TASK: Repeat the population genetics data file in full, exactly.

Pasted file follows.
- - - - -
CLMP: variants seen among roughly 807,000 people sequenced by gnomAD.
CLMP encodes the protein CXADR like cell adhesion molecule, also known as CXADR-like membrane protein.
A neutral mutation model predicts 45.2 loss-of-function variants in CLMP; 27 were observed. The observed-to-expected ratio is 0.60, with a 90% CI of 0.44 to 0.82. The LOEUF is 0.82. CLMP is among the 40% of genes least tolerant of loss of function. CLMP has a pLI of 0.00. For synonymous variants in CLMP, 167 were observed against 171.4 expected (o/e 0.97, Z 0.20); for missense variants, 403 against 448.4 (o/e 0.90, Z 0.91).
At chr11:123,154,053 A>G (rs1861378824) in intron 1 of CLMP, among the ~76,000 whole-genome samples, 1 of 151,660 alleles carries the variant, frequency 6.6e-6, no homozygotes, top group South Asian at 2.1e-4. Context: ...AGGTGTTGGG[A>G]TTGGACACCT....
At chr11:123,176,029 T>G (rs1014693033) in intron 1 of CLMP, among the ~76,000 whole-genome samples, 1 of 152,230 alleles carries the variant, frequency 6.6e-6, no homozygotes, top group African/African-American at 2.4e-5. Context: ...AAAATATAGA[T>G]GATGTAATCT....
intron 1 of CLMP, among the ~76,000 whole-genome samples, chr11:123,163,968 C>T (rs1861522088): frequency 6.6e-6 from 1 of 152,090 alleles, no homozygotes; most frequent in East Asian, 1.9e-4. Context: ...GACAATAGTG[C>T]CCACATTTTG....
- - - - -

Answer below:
CLMP: variants seen among roughly 807,000 people sequenced by gnomAD.
CLMP encodes the protein CXADR like cell adhesion molecule, also known as CXADR-like membrane protein.
A neutral mutation model predicts 45.2 loss-of-function variants in CLMP; 27 were observed. The observed-to-expected ratio is 0.60, with a 90% CI of 0.44 to 0.82. The LOEUF is 0.82. CLMP is among the 40% of genes least tolerant of loss of function. CLMP has a pLI of 0.00. For synonymous variants in CLMP, 167 were observed against 171.4 expected (o/e 0.97, Z 0.20); for missense variants, 403 against 448.4 (o/e 0.90, Z 0.91).
At chr11:123,154,053 A>G (rs1861378824) in intron 1 of CLMP, among the ~76,000 whole-genome samples, 1 of 151,660 alleles carries the variant, frequency 6.6e-6, no homozygotes, top group South Asian at 2.1e-4. Context: ...AGGTGTTGGG[A>G]TTGGACACCT....
At chr11:123,176,029 T>G (rs1014693033) in intron 1 of CLMP, among the ~76,000 whole-genome samples, 1 of 152,230 alleles carries the variant, frequency 6.6e-6, no homozygotes, top group African/African-American at 2.4e-5. Context: ...AAAATATAGA[T>G]GATGTAATCT....
intron 1 of CLMP, among the ~76,000 whole-genome samples, chr11:123,163,968 C>T (rs1861522088): frequency 6.6e-6 from 1 of 152,090 alleles, no homozygotes; most frequent in East Asian, 1.9e-4. Context: ...GACAATAGTG[C>T]CCACATTTTG....